Snow blower trouble - VTXOA
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post #1 of 22 (permalink) Old 02-07-2011, 07:19 PM Thread Starter
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Snow blower trouble

I would have put this on the OTB but those knuckle heads would tell me Obama is causing all my mechaincal problems...

Any who, to keep this MC related The snow blower clars the driveway so I can get the bike out.

About 2 weeks ago in that crazy snow storm my Snow blower started running really ragged and would stall under load. I could start it up run it for 30 seconds and stall. Okay so I did all the stuff I know how to do on a small engine. I checked the oil, sat on a chair, scratched my head and said Awe Frick!!! Now I have to shovel.

I took it over to the dealer and right away he starts telling me the gas is stale... maybe but it was new in November of 2010 and I put some Seafoam in to stabilize the fuel. So he drains the gas rebuilds the carb.
I get it home and it runs like sh1t. better but not much.

I look at the spark plug hole and it has cob webs arond the bottom. So, I pull it and it was glistening with oil and it was covered with carbon. Would an oil fouled plug case the engine to run ragged?

Any way I guess I'll get a new plug and see what happens. Why would a factory trained rep not check the plug???? I'll never go back there. I can't wait till I got to Florida for 10 days


I just notice the threads on the cylinder head are soaked with oil
Here's a picture I stupidly wiped the oil before I took the pic.

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post #2 of 22 (permalink) Old 02-07-2011, 07:31 PM
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The short answer is yes. Don't store any small gas engine with gas in it. At the end of season drain whatever it is, then run it until it stalls. Gas is not what it used to be due to fewer additives ,purpose being to reduce emmissions.
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post #3 of 22 (permalink) Old 02-07-2011, 11:14 PM Thread Starter
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the plug is oil fouled, and there is oil moisture on top of the piston.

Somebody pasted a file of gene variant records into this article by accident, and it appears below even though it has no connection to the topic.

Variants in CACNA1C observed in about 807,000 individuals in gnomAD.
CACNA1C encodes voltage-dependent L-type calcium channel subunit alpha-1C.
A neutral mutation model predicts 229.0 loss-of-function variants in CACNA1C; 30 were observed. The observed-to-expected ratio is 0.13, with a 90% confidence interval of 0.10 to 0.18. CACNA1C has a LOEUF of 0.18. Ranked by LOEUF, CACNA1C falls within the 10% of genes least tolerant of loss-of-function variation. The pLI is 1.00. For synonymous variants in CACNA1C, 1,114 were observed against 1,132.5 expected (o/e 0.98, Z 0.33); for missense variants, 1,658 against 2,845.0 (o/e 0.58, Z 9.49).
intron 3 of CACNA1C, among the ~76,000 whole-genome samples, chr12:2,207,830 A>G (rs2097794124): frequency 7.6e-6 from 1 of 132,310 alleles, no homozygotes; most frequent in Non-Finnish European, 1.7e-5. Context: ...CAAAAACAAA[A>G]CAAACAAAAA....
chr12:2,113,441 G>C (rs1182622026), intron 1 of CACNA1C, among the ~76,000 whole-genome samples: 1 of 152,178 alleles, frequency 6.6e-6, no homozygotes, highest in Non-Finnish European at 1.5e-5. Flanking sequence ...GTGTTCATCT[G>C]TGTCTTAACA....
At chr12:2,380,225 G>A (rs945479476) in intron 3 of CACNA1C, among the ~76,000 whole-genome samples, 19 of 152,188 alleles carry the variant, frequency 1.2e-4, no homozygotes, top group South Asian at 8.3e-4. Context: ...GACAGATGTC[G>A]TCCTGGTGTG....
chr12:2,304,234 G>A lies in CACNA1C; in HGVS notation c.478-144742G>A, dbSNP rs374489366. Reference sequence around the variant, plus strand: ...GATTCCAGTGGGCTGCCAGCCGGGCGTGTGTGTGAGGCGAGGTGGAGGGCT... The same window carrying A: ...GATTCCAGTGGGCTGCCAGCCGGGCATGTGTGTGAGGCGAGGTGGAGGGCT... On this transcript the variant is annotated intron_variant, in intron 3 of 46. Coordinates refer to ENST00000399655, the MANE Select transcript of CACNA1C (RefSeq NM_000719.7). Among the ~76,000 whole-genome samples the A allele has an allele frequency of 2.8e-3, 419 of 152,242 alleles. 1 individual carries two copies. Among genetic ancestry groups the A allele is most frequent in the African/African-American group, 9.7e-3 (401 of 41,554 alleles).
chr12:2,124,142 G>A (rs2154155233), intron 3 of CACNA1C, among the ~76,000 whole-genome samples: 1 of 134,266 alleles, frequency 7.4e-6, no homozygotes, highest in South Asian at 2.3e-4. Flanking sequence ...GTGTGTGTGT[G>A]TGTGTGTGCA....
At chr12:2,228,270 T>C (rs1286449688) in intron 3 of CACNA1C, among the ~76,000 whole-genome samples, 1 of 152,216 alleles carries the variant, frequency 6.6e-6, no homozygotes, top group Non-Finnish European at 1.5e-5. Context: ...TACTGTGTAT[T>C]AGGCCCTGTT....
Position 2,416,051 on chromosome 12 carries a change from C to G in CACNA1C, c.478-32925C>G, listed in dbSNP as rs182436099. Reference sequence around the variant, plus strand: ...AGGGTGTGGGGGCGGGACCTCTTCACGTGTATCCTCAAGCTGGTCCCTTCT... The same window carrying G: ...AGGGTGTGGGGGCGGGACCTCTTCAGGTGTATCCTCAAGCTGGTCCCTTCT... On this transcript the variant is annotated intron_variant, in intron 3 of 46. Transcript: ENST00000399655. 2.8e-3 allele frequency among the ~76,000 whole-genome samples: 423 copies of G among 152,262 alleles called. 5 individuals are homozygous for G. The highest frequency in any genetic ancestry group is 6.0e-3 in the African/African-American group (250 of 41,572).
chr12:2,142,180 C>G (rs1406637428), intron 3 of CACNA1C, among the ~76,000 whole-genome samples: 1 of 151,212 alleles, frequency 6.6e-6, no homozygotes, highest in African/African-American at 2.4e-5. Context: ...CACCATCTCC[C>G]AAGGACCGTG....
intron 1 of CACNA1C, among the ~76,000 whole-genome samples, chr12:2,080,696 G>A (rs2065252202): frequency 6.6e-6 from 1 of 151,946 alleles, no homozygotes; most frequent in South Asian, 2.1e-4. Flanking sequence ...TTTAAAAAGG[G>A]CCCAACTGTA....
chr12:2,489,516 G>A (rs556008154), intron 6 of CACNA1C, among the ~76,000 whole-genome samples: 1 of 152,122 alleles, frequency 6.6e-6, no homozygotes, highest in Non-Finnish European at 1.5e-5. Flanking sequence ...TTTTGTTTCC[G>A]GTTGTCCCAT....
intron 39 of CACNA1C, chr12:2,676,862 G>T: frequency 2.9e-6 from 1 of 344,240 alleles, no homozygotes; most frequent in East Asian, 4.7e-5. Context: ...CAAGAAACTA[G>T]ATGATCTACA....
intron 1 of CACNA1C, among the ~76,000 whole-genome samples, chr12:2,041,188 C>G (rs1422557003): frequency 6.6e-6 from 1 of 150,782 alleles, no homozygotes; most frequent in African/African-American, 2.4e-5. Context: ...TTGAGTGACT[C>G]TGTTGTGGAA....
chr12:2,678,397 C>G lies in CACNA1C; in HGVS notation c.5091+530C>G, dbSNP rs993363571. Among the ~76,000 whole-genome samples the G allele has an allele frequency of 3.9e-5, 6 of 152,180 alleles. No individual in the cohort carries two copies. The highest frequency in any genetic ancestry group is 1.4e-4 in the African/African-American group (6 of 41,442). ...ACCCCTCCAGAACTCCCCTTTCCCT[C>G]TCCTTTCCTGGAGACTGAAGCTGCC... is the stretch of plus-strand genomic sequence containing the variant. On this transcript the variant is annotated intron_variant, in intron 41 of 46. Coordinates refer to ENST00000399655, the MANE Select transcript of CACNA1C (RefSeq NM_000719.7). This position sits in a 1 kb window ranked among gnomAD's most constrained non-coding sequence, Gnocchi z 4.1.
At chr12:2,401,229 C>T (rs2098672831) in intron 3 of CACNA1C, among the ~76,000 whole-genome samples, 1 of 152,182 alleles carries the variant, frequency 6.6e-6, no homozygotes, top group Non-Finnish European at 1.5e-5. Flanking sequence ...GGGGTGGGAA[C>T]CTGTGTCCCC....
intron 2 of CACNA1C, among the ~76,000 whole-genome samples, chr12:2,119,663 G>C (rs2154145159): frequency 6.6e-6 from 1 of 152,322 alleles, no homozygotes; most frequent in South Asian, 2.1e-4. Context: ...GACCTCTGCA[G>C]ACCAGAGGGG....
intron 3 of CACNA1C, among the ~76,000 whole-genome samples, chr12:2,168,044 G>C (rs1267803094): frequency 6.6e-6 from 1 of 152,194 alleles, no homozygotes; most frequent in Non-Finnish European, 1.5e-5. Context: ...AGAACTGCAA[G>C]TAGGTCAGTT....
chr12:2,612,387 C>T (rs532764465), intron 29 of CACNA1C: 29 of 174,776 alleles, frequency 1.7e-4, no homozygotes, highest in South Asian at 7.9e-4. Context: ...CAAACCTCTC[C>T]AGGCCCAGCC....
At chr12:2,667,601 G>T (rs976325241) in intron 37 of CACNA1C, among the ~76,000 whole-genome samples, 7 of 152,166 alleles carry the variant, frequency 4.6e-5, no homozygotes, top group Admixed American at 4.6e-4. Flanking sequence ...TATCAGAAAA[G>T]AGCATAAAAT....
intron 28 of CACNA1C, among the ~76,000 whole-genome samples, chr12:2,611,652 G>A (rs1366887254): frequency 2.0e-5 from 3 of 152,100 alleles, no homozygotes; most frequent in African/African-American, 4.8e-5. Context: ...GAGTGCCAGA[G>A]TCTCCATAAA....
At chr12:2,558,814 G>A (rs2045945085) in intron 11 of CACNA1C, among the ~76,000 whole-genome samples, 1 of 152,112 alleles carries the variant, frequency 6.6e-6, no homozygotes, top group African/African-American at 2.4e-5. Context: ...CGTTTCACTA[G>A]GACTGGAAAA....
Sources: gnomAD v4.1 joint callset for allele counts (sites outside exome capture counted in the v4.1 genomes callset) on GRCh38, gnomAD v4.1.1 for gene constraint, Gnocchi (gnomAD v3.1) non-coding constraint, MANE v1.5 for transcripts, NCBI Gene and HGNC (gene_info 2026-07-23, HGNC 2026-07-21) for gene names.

About 1 month ago I changed the oil, when I refilled I wasn't thinking and dumped in 1 whole qt, the proper fill is 19 ozs. So, the pan was over filled by 13 ozs. go ahead call me stupid

After filling and running it for about 20 minutes I realized that I put too much in. I looked at the manual after the fact. I drained the qt out then put in the proper amount of oil.

The overfill must have forced oil up into the combustion chamber.

I just put in a new plug and the machine ran real good for about 5 minutes then it stalled. I took out the new plug and it was covered with oil. I shined a light into the hole and there is oil in there

I think I need to get that oil out of the combustion chamber. Any ideas as to how to?

By the way snow blowers don't have air filters, I dont know why... no air filter

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post #4 of 22 (permalink) Old 02-08-2011, 12:06 AM
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I always thought the best way to burn off oil in the combustion chamber is to run the crap out of it with engine fogger.

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post #5 of 22 (permalink) Old 02-08-2011, 12:30 AM
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Got an air compressor? If so just rotate the engine until the exhaust valve is open so you can blow air through the exhaust system via the spark plug hole. Then get yourself a spray bottle and some mineral spirits paint thinner. Spray it in the hole, blow it through, repeat. Do that about ten times and then blow a little WD40 in it to lube the cylinder walls on restart. Keep in mind, Mineral spirits is flammable. If that doesn't fix it,
you likely have a broken ring or other issue.
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post #6 of 22 (permalink) Old 02-08-2011, 01:29 AM
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If its just a normal 5-8hp flat head motor just yank the head off, like 6-7 bolts and your to it. Few bucks for a head gasket...